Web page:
Facebook has been notified about the vulnerability, but has said they have no plans to fix the software flaw.
After the recent discovery of a security vulnerability that allowed hackers to alter messages and links sent through Facebook Messenger, by researchers at Checkpoint, the social media giant immediately patched the flaw… but a recent expose, appearing on Medium, revealed that links sent privately through the Messenger system can be read by anyone.
After Inti De Ceukelaire, a reporter/researcher from Medium, contacted Facebook to highlight the security issue, the company replied by saying that this was “intentional behavior” and suggested there would be no attempts to address the vulnerability.
It was discovered by researchers that the official developer’s application Facebook Crawler could be exploited to see what links had been sent through the private messaging application. The Facebook Crawler works by assigning website links and attachments an identification number, and then stores this information.
Once a link is shared and assigned a number, information about the link is then accessible to anyone simply by searching for the identification number. All objects stored on Facebook, whether it’s a picture, a status, or a link, are given a unique, non-chronological identification number.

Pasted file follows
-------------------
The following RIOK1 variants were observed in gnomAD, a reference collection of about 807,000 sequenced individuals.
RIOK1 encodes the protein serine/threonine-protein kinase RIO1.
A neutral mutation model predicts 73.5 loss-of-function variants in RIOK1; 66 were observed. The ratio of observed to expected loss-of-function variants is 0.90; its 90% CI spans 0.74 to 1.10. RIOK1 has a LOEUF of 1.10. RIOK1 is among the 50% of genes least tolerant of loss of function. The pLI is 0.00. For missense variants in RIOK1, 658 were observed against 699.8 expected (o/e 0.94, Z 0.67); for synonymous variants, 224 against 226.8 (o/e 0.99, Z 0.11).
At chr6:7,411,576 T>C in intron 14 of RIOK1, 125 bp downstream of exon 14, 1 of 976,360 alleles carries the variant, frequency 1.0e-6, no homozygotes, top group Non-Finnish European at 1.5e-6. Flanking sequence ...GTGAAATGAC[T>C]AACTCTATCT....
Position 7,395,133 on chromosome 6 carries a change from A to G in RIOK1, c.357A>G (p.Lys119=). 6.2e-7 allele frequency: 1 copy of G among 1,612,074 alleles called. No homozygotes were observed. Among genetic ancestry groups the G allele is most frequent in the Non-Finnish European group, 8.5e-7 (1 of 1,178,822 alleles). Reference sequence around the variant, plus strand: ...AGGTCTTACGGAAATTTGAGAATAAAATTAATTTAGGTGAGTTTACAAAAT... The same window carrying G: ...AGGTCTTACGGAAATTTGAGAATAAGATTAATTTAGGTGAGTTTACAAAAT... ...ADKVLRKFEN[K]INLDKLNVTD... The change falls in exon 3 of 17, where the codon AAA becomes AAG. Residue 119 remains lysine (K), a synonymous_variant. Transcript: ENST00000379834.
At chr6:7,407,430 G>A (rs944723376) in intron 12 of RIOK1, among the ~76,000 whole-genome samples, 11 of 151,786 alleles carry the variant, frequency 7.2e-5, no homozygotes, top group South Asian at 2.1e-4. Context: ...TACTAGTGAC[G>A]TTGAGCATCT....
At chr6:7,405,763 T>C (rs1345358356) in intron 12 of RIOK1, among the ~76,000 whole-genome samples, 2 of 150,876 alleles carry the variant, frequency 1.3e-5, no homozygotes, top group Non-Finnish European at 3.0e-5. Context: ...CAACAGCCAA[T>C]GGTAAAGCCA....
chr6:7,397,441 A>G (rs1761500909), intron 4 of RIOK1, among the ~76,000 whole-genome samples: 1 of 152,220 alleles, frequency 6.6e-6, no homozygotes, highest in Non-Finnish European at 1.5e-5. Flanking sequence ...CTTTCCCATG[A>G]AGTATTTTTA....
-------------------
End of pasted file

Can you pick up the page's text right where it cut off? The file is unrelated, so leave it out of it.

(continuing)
According to the report by Medium:
While you may only share links to funny cat videos with your friends, you should still be worried about this exploit. Sometimes, sensitive information (personal data, secret keys, …) are included in links without you even noticing…
In this small set of extracted URL’s, I’ve already found some interesting info:
• Names: Heather, Jenny, Paula, Yollanda, Bernardo, …
• Location or language.
• Attachments or pictures from the FB CDN: Direct link that sometimes allows access bypassing privacy restrictions.
• Application or game data: Some parameters are friend_level, friend_chips, user_name, group, steal_amount, …
• Secret links or hidden keys: Such as the editable Google Drive links or links to hidden pages, websites, and beta environments.
…and these aren’t mutually exclusive; some URLs include multiple parameter types listed above in one single link, thereby allowing a total stranger to gain personal information about you. Hello NSA?
While this technique is generally inefficient, as it can’t be used to identify specific links shared by individual users – and would require mass inputting of identification codes to find information – this flaw could easily be utilized by state actors, operating in a methodical manner, to target individual users.
The fact that the Facebook allows this type of security flaw to remain unpatched reveals a clear lack of investment in their users’ informational security — a continuing and ongoing problem with the social media platform.